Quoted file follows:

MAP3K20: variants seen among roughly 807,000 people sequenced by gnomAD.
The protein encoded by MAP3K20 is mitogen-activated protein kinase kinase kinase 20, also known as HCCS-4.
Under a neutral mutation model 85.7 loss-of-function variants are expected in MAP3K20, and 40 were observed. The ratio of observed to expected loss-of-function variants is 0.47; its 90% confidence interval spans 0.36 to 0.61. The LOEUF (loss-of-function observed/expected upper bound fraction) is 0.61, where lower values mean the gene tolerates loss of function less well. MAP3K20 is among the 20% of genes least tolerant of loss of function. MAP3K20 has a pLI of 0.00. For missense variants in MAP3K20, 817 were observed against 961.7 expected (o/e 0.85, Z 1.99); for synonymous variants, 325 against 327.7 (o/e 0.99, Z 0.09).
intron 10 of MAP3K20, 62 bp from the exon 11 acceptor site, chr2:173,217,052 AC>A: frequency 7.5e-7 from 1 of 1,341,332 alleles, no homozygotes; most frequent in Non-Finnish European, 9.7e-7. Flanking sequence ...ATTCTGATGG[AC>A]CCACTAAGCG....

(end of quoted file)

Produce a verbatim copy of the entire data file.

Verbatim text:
MAP3K20: variants seen among roughly 807,000 people sequenced by gnomAD.
The protein encoded by MAP3K20 is mitogen-activated protein kinase kinase kinase 20, also known as HCCS-4.
Under a neutral mutation model 85.7 loss-of-function variants are expected in MAP3K20, and 40 were observed. The ratio of observed to expected loss-of-function variants is 0.47; its 90% confidence interval spans 0.36 to 0.61. The LOEUF (loss-of-function observed/expected upper bound fraction) is 0.61, where lower values mean the gene tolerates loss of function less well. MAP3K20 is among the 20% of genes least tolerant of loss of function. MAP3K20 has a pLI of 0.00. For missense variants in MAP3K20, 817 were observed against 961.7 expected (o/e 0.85, Z 1.99); for synonymous variants, 325 against 327.7 (o/e 0.99, Z 0.09).
intron 10 of MAP3K20, 62 bp from the exon 11 acceptor site, chr2:173,217,052 AC>A: frequency 7.5e-7 from 1 of 1,341,332 alleles, no homozygotes; most frequent in Non-Finnish European, 9.7e-7. Flanking sequence ...ATTCTGATGG[AC>A]CCACTAAGCG....